First Aired: Oct. 29, 2007 on CBS
Summary: After several odd occurances, the CSIs must find a serial killer who killed during a total solar eclipse.
Main Characters in this Episode
Sgt. Frank Tripp: It is what it is, it ain't what it ain't, don't make it what it isn't.
Horatio Caine: Mr. Wolfe, at the end of the day, if we don't hang together, we'll die alone.
- Goof (revealing mistake): The boy at the end of the episode shown playing Xbox 360 is just mashing buttons. Xbox 360 controller in the boy's hands has 4 green lights flashing. Four green flashing lights on an Xbox 360 controller means that the controller itself is turned on, but the console is not connected to a power source.
- Goof (errors made by characters, possibly deliberate errors by the filmmakers): During the solar eclipse everyone looks up at the eclipse without any eye protection, during a solar eclipse if you don't protect your eyes with something you cause retina damage
- Goof (factual errors): The initial murder occurs during an solar eclipse, which must occur on a new moon. A couple days later, a full moon is shown. This would have to be two weeks later.
- Goof (factual errors): Solar eclipses are rare and usually highly publicized events, yet this one seems to have taken everyone by surprise. Their occurrence is highly predictable - the date, time and location of every eclipse, whether lunar or solar, total or partial, for the 21st century, is known. Typically, on a public open area such as a beach, there are observers using the proper apparatus to safely view the event. Furthermore, the last total solar eclipse visible in the southeast US was 7 March 1970; the next total eclipse to be visible in the southern US is on 12 August 12 2045.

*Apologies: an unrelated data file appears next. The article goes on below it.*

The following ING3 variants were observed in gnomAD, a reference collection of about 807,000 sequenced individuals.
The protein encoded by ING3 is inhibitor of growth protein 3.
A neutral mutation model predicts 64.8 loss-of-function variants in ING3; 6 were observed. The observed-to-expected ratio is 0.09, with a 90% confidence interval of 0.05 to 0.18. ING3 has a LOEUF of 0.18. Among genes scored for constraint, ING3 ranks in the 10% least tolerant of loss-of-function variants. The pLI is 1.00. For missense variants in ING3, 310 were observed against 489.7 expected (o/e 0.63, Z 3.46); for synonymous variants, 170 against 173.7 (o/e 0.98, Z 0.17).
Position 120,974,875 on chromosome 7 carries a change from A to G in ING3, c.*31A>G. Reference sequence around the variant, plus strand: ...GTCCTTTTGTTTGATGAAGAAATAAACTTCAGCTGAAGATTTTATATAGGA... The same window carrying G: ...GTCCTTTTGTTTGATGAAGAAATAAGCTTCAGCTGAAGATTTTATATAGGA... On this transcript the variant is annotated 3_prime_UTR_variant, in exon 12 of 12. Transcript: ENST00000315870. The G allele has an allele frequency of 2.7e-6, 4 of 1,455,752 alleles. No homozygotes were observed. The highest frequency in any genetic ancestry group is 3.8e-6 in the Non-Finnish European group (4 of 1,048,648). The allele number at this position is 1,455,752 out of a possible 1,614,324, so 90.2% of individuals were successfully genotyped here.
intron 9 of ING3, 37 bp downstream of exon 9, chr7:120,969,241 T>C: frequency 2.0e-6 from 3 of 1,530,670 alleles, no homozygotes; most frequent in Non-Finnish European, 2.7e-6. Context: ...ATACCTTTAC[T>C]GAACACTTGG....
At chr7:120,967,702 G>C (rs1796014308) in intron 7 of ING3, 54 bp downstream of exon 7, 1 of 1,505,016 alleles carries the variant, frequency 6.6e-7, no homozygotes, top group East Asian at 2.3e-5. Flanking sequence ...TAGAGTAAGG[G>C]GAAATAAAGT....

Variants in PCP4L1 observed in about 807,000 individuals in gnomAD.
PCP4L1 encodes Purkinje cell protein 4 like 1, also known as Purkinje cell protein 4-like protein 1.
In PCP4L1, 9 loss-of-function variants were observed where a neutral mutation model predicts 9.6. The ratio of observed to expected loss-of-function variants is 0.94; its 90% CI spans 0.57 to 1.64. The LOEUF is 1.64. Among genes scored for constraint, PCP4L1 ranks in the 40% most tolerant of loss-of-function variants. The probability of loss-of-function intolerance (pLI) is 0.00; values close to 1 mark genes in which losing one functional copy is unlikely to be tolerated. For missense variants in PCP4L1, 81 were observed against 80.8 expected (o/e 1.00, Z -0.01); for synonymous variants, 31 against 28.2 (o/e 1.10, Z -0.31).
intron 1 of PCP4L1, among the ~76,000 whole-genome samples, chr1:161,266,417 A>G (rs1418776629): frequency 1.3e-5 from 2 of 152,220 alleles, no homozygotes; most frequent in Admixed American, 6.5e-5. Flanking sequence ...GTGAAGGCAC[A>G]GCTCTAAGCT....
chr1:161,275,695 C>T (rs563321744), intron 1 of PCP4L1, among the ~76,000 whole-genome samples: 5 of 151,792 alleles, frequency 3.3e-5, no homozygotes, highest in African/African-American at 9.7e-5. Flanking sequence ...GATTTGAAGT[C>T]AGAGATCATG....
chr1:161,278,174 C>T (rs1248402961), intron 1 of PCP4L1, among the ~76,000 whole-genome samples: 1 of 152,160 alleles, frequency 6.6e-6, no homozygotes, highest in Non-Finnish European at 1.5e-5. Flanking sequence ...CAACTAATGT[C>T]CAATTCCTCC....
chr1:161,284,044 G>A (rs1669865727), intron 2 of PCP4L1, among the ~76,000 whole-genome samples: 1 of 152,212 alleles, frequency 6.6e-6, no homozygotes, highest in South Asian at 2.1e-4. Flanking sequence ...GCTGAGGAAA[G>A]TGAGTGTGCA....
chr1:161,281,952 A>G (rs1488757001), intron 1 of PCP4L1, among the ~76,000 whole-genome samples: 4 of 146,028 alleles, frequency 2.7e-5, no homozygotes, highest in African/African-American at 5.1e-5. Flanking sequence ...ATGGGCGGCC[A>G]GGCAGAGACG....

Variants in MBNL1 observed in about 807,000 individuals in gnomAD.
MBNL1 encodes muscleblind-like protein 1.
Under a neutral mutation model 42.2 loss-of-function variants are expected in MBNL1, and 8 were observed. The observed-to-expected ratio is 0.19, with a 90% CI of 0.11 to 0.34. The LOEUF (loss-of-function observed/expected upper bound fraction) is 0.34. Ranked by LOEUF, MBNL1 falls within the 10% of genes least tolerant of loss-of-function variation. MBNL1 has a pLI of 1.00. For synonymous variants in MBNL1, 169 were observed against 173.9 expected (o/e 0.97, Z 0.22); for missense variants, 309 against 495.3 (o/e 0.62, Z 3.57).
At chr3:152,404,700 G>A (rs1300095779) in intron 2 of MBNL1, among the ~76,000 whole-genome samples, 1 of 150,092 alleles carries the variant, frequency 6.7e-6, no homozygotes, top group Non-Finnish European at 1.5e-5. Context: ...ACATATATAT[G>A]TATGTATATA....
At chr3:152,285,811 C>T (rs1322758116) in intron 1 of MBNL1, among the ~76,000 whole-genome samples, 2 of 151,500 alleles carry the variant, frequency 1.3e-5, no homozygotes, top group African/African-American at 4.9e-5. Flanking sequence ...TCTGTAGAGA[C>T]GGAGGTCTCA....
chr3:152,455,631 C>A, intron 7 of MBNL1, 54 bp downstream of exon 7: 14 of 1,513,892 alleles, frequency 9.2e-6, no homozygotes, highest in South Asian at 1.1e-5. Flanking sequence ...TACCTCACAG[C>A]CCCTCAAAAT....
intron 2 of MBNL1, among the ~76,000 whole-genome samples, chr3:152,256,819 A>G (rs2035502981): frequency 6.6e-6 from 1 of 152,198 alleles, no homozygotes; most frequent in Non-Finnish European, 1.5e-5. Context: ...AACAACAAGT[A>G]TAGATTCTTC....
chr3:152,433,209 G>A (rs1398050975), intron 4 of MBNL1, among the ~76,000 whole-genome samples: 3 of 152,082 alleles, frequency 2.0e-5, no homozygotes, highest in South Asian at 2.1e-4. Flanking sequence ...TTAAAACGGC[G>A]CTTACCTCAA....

- Goof (revealing mistake): The depiction of the eclipse is inaccurate in several ways. From the beginning of the eclipse, it takes only about a minute or two for the moon to completely block the sun, whereas in an actual total solar eclipse, it takes well over an hour. The behavior of the shadows as depicted is nothing like what shadows do during an actual eclipse. Several features of an actual total solar eclipse, such as the "diamond ring" effect, are absent.